Consistent emissions data for direct use of sold products

Direct-Use Product Emissions Database

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Developed with input from:

Align your downstream scope 3 emissions calculations

Fill reporting gaps, measure consistently, and report your scope 3, category 11 emissions with confidence. Developed in collaboration with the Retail Industry Leaders Association (RILA), the Direct-Use Product Emissions Database (DPED) combines input from leading retailers and expertise from industry, government, and non-profit organizations. With emissions data for over 180 product types, the DPED provides consistent and comparable scope 3 emissions data for your next round of reporting.

  • Industry-leading expertise

    Developed by leading retailers and industry experts

    The DPED was developed via a strategic partnership with between RILA and Optera and was guided by input from leading retailers — including Lowe’s, Target, Best Buy, The Home Depot, Tractor Supply Company, Wayfair, and Williams-Sonoma – and an ex oficio committee of industry and regulatory leaders including the European DIY Retail Association (EDRA), U.S. Environmental Protection Agency (EPA) ENERGY STAR, and EPA Center for Corporate Climate Leadership.

  • Reliable product-use data

    Emissions data for 180+ product types

    To set climate goals and report reliably, retailers need access to the best available assumptions for how customers use energy-consuming products that are not currently U.S. Environmental Protection Agency (EPA) ENERGY STAR certified. The DPED solution provides emissions data for over 180 product types, including classifications like:

    • Appliances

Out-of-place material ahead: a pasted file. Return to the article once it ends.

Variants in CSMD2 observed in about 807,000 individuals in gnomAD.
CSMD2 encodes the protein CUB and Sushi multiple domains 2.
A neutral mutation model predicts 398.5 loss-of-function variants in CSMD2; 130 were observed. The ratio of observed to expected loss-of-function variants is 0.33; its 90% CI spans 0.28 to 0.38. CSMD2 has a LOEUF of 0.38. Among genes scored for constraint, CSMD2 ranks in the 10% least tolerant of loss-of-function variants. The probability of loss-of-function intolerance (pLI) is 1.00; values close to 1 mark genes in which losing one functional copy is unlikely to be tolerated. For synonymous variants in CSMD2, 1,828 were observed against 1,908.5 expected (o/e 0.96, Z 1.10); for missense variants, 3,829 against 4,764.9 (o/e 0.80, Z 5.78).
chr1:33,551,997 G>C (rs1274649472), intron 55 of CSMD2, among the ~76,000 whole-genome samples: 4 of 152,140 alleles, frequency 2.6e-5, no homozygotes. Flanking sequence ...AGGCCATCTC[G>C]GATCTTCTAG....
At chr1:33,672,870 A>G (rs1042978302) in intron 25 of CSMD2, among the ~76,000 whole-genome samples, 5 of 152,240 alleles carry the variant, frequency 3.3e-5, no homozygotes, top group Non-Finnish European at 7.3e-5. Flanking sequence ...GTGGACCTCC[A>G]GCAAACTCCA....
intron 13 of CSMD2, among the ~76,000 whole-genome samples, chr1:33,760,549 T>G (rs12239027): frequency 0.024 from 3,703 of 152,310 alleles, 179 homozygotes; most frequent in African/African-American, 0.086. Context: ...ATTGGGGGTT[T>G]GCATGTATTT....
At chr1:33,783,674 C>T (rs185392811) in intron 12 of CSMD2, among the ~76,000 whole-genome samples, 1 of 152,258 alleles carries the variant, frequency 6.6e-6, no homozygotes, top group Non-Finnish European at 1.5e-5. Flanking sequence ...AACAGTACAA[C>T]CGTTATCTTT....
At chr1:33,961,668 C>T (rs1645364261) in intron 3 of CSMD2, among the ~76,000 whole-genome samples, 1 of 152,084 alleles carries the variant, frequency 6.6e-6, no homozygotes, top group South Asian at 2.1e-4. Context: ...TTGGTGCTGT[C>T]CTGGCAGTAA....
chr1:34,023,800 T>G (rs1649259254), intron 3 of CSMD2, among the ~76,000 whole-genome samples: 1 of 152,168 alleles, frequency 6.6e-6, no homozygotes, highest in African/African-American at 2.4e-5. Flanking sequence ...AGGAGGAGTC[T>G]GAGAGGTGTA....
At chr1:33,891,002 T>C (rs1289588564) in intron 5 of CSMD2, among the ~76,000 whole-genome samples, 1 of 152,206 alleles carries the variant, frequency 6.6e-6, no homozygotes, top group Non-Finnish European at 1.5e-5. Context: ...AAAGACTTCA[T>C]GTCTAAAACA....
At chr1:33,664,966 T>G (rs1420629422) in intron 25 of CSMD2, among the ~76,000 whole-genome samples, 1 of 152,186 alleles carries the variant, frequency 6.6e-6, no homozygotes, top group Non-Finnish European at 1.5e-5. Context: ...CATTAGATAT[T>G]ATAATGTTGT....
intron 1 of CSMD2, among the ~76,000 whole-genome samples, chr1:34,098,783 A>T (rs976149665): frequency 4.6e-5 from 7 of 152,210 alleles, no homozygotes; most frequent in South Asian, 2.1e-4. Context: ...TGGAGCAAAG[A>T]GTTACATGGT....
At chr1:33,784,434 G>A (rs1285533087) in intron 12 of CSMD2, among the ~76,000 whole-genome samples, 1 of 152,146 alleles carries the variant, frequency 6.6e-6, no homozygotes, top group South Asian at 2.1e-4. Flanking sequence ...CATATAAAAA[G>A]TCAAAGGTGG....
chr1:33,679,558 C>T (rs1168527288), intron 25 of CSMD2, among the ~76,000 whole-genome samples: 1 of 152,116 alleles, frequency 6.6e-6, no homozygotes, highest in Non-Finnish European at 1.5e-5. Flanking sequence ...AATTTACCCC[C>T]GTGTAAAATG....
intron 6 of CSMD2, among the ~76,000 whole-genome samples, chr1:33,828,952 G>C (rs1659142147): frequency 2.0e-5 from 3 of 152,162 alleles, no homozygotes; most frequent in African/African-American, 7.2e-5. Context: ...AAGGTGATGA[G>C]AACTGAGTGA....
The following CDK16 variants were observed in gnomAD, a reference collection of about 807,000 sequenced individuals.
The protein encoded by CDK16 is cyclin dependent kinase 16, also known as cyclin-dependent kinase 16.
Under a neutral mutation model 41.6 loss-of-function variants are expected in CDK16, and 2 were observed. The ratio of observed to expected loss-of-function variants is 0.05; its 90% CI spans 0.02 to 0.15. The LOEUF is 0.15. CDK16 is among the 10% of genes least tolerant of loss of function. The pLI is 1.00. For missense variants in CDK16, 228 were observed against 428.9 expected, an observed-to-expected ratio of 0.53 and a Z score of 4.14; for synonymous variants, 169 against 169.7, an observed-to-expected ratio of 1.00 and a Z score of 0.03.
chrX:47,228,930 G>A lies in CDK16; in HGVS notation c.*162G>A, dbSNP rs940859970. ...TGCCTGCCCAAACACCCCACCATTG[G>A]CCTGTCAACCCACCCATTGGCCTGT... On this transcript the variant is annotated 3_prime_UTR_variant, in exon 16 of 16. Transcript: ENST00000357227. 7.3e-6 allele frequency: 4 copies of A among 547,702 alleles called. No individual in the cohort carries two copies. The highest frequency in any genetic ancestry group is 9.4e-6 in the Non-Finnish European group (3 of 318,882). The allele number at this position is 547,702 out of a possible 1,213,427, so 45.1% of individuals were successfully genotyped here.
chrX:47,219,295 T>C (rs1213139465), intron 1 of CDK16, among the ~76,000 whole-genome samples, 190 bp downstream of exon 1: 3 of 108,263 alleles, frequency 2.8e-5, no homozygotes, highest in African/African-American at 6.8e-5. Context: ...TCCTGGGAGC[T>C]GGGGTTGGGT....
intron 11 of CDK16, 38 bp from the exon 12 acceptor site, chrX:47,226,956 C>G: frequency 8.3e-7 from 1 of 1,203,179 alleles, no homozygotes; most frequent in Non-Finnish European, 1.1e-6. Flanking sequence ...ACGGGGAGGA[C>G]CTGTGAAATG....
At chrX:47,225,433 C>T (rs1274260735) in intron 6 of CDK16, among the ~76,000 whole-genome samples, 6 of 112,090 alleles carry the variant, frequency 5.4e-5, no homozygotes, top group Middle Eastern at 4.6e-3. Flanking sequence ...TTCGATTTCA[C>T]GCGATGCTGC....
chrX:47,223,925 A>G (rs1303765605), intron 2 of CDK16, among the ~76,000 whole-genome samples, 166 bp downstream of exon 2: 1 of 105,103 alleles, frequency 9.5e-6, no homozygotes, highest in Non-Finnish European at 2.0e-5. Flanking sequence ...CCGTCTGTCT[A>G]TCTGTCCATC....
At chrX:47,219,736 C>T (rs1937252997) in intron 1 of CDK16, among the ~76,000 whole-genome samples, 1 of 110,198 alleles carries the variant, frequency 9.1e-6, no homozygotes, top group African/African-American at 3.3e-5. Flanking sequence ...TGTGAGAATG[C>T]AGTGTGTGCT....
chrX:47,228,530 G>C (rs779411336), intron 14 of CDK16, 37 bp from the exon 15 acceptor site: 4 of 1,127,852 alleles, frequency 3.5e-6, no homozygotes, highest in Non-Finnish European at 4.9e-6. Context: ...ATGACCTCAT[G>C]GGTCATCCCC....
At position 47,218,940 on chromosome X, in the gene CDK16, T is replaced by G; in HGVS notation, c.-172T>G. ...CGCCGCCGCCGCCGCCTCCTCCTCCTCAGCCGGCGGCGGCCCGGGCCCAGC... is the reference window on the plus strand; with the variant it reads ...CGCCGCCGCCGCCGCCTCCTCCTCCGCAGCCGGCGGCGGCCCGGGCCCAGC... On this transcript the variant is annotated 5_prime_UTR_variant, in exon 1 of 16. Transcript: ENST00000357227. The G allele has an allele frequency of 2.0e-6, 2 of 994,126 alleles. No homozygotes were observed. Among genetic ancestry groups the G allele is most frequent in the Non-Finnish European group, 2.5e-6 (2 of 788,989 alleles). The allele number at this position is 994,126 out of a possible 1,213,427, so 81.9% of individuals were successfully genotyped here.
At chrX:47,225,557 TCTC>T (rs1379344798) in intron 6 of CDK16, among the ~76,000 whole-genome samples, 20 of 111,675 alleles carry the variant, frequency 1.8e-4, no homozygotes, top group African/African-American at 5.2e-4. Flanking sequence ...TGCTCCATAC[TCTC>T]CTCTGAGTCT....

• Equipment
    • Electronics
    • Lighting
  • Methodology

    Collaborative input

    All emission factors and global warming potentials come from reputable sources. Emission methodologies adhere to the strictest standards for GHG accounting, life-cycle analysis, and energy-use calculation.

    When direct industry and brand-specific assumptions are unavailable, they are researched according to a hierarchy of primary, secondary, and other sources to ensure the best available data is used.

    A data quality index (DQI) is employed to log the reliability of each data point, allowing us to go back and easily improve database assumptions as better data is made available.

Annual licenses

Pricing

Single entities

Individual organizations using DPED to inform their own scope 3 calculations and reporting.

FREE

Multiple entities

Organizations using DPED to support multiple client organizations’ scope 3 calculations and reporting.

$1500

for up to 5 organizations

$4000

for up to 10 organizations

Custom pricing

for more than 10 organizations

Commercial use

Organizations using DPED as part of a commercialized product, like a software solution.

Custom pricing

Learn more

Frequently asked questions

  • Is DPED only available to members of RILA?

    While the database has been developed in close coordination with RILA, it will be available to RILA members and non-members alike.

  • What level of granularity does the database provide?

    DPED has three separate dimensions with seven total classification parameters:

    Two for the intended sector the product is sold:

    1. General industry: general consumer, commercial, or industrial
    2. Specific market: home & offices, entertainment, lawn & garden, etc.

    Four levels of product categorization, from broad to specific:

    1. Product class (ex. appliances, equipment, lighting, electronics, etc)